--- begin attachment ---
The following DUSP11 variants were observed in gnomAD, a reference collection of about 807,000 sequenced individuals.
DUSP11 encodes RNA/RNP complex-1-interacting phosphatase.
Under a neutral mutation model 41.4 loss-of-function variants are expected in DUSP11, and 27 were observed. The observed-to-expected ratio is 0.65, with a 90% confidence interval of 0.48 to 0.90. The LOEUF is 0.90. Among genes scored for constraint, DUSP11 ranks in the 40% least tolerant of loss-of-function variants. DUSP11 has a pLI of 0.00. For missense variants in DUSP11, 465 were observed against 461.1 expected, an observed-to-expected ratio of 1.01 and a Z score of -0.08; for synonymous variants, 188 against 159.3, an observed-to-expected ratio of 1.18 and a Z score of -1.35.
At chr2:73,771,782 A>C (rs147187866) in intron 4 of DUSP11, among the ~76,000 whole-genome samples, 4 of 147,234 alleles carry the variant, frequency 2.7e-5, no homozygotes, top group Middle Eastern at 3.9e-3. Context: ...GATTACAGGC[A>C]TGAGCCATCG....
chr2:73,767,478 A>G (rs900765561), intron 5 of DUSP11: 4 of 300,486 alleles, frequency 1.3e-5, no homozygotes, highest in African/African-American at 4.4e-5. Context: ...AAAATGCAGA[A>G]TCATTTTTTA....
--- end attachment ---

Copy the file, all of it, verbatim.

The following DUSP11 variants were observed in gnomAD, a reference collection of about 807,000 sequenced individuals.
DUSP11 encodes RNA/RNP complex-1-interacting phosphatase.
Under a neutral mutation model 41.4 loss-of-function variants are expected in DUSP11, and 27 were observed. The observed-to-expected ratio is 0.65, with a 90% confidence interval of 0.48 to 0.90. The LOEUF is 0.90. Among genes scored for constraint, DUSP11 ranks in the 40% least tolerant of loss-of-function variants. DUSP11 has a pLI of 0.00. For missense variants in DUSP11, 465 were observed against 461.1 expected, an observed-to-expected ratio of 1.01 and a Z score of -0.08; for synonymous variants, 188 against 159.3, an observed-to-expected ratio of 1.18 and a Z score of -1.35.
At chr2:73,771,782 A>C (rs147187866) in intron 4 of DUSP11, among the ~76,000 whole-genome samples, 4 of 147,234 alleles carry the variant, frequency 2.7e-5, no homozygotes, top group Middle Eastern at 3.9e-3. Context: ...GATTACAGGC[A>C]TGAGCCATCG....
chr2:73,767,478 A>G (rs900765561), intron 5 of DUSP11: 4 of 300,486 alleles, frequency 1.3e-5, no homozygotes, highest in African/African-American at 4.4e-5. Context: ...AAAATGCAGA[A>G]TCATTTTTTA....